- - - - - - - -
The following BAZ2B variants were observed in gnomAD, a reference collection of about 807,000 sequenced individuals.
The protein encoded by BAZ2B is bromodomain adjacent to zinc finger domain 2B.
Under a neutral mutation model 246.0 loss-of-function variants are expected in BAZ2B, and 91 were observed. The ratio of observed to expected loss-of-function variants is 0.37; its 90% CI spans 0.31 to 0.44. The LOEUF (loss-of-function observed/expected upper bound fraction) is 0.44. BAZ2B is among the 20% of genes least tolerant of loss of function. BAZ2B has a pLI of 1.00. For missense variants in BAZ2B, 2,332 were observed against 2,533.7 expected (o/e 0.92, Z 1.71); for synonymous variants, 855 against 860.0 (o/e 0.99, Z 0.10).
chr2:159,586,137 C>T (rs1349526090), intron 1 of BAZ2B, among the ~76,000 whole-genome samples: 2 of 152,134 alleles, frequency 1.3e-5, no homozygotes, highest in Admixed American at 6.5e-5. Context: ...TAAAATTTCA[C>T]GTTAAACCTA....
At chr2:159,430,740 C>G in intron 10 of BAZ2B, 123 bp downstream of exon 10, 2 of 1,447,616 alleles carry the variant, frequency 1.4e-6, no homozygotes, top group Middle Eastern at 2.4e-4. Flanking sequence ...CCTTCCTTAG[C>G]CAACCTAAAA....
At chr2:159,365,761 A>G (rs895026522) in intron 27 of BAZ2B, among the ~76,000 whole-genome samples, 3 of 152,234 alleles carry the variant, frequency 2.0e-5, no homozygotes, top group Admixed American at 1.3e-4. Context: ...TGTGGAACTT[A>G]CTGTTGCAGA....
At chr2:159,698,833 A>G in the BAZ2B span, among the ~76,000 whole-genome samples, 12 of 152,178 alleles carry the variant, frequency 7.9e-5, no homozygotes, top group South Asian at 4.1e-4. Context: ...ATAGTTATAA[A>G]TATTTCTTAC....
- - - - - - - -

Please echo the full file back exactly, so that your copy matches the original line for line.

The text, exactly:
The following BAZ2B variants were observed in gnomAD, a reference collection of about 807,000 sequenced individuals.
The protein encoded by BAZ2B is bromodomain adjacent to zinc finger domain 2B.
Under a neutral mutation model 246.0 loss-of-function variants are expected in BAZ2B, and 91 were observed. The ratio of observed to expected loss-of-function variants is 0.37; its 90% CI spans 0.31 to 0.44. The LOEUF (loss-of-function observed/expected upper bound fraction) is 0.44. BAZ2B is among the 20% of genes least tolerant of loss of function. BAZ2B has a pLI of 1.00. For missense variants in BAZ2B, 2,332 were observed against 2,533.7 expected (o/e 0.92, Z 1.71); for synonymous variants, 855 against 860.0 (o/e 0.99, Z 0.10).
chr2:159,586,137 C>T (rs1349526090), intron 1 of BAZ2B, among the ~76,000 whole-genome samples: 2 of 152,134 alleles, frequency 1.3e-5, no homozygotes, highest in Admixed American at 6.5e-5. Context: ...TAAAATTTCA[C>T]GTTAAACCTA....
At chr2:159,430,740 C>G in intron 10 of BAZ2B, 123 bp downstream of exon 10, 2 of 1,447,616 alleles carry the variant, frequency 1.4e-6, no homozygotes, top group Middle Eastern at 2.4e-4. Flanking sequence ...CCTTCCTTAG[C>G]CAACCTAAAA....
At chr2:159,365,761 A>G (rs895026522) in intron 27 of BAZ2B, among the ~76,000 whole-genome samples, 3 of 152,234 alleles carry the variant, frequency 2.0e-5, no homozygotes, top group Admixed American at 1.3e-4. Context: ...TGTGGAACTT[A>G]CTGTTGCAGA....
At chr2:159,698,833 A>G in the BAZ2B span, among the ~76,000 whole-genome samples, 12 of 152,178 alleles carry the variant, frequency 7.9e-5, no homozygotes, top group South Asian at 4.1e-4. Context: ...ATAGTTATAA[A>G]TATTTCTTAC....